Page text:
Château Saint-Martin & Spa 

This hotel in the Riviera hills decided to apply for Palace designation following a renovation of its 45 rooms and suites in 2018. It received a resounding yes due to its extraordinary architecture (once owned by the Knights Templar, parts of the château date back to the 12th century), Michelin star cuisine, and excellent service. Six secluded villas have large balconies and unobstructed views of olive groves. Château Saint-Martin is also a bird sanctuary and nesting boxes for owls and other birds can be found in the property’s trees. Another Oetker Collection property, the wealthy Oetker family, who also own Le Bristol in Paris and Brenners Park Hotel & Spa in Germany, have owned the hotel since 1998.

Cheval Blanc Saint-Tropez


V. Mati/Courtesy Cheval Blanc St-Tropez

The luxury Cheval Blanc hotel group downsized the former La Résidence de la Pinede to just 30 spacious rooms to create this Tropézien-style maison. Located in a tangle of pine trees on Bouillabaisse Beach, Cheval Blanc Saint-Tropez is walking distance from town and has splendid views of the iconic bell tower. The hotel, also designed by Wilmotte, opened in May 2019 with rooms and suites inspired by the sea, feature pops of deep blue, crisp white linens, and terraces. Other new additions include an infinity pool and a Guerlain spa. The hotel’s three-Michelin-star restaurant La Vague d’Or, led by chef Arnaud Donckele, is one of Saint-Tropez’s best. The seasonal hotel is open May through October.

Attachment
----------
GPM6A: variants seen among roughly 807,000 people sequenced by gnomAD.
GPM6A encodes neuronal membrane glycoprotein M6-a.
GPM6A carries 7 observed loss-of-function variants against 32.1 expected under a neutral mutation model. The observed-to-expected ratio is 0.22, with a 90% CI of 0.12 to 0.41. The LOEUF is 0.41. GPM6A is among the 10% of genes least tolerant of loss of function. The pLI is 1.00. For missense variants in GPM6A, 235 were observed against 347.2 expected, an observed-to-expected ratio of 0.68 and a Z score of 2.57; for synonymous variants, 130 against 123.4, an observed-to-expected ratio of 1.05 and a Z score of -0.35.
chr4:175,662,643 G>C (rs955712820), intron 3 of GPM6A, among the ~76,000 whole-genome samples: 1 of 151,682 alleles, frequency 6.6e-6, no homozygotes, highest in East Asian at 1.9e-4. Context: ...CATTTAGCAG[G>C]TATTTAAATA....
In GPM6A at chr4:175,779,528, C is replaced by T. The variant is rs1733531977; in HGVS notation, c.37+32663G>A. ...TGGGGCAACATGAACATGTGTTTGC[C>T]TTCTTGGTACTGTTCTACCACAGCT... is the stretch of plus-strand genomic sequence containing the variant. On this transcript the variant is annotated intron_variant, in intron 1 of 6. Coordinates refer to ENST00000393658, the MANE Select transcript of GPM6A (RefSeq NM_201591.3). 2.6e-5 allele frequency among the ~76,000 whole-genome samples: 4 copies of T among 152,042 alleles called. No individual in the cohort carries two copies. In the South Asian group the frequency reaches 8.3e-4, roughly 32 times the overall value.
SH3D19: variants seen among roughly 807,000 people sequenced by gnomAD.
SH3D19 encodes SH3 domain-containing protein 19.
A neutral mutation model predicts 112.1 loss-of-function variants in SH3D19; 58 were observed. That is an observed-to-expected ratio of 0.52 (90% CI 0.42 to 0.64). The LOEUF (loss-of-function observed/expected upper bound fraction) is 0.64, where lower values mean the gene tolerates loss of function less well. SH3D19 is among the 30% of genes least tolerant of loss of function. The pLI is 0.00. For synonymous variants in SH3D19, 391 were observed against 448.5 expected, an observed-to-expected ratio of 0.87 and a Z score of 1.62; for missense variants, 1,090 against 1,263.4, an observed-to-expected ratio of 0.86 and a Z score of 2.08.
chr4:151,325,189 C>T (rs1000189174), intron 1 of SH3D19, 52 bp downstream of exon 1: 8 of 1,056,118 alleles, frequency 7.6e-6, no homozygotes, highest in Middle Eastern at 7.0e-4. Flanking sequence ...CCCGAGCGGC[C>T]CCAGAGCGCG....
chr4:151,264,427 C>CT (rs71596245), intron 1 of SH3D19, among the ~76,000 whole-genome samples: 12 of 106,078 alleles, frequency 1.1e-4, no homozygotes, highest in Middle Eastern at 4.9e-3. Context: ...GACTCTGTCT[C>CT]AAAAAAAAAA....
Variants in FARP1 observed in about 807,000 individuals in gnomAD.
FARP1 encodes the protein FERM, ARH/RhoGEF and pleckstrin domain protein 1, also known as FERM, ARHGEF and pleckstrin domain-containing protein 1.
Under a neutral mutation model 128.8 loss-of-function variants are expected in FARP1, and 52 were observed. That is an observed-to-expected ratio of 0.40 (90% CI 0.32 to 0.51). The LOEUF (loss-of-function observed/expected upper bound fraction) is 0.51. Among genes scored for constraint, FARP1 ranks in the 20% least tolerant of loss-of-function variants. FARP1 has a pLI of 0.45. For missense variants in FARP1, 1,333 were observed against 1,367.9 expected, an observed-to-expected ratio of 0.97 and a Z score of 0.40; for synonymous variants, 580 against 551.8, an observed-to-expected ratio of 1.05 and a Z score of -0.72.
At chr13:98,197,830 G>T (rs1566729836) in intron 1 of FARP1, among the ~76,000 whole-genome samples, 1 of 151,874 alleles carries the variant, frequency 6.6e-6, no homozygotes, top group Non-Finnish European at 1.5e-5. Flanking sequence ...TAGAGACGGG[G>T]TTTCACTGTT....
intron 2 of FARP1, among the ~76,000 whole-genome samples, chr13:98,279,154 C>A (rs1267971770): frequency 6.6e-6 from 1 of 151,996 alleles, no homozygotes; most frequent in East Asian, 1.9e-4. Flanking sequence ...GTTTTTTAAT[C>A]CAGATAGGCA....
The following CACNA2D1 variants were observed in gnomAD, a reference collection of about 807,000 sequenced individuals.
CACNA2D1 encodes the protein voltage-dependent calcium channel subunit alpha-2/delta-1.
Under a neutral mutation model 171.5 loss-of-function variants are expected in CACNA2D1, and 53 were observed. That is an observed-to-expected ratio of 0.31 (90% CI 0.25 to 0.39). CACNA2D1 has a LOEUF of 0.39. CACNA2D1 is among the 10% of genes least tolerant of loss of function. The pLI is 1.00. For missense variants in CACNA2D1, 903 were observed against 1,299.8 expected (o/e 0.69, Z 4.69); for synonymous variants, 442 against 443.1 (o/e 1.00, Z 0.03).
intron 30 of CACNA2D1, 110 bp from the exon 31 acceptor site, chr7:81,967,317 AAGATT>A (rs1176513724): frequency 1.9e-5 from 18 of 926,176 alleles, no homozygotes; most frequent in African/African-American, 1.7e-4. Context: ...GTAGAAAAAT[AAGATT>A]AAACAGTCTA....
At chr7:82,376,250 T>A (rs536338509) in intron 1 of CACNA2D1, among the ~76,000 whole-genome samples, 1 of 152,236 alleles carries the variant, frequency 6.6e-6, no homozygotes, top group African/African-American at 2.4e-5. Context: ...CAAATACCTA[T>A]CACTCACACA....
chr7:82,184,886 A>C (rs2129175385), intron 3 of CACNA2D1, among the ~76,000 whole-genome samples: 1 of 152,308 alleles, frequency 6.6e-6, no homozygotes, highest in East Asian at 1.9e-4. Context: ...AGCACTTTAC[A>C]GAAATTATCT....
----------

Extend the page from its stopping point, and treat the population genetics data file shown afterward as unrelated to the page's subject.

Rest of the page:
L’Apogée Courchevel 

Located on a pretty peak in Courchevel 1850, the Oetker Collection’s ski in ski out L’Apogée Courchevel has some of the best views in the French Alps. It’s also located just above a historic Olympic ski jump. The 53 guest rooms feel more cozy than contemporary: think plaid floor coverings, luxurious fur throws, and cushy jewel-toned couches. Five chic alpine chalets, each with five bedrooms, are available for larger groups. L’Apogée has a variety of dining options from Japanese fare at Koori to classic French cuisine Comptoir de L’Apogée. Bar de l’Apogée has frequent live music during the winter season.

Villa La Coste 


Richard Haughton/Courtesy Villa La Coste

Villa La Coste opened in the middle of a biodynamic vineyard in Provence in 2018 and set a new standard for luxury in the region. The intimate hotel has just 28 villa suites; each with a sitting area, private terraces, and modern furnishings like four-poster beds with gauzy curtains. Pool villas have the added perk of private swimming pools. Dinner could include a causal affair in the hotel library or a firey experience at the winery’s Francis Mallmann-run restaurant. The spa offers treatments that use Provencal products like jasmine, lavender, rose, olive, and apricot, and concierges can arrange anything a guest might desire from a cruise off of Cassis to a helicopter ride over lavender fields.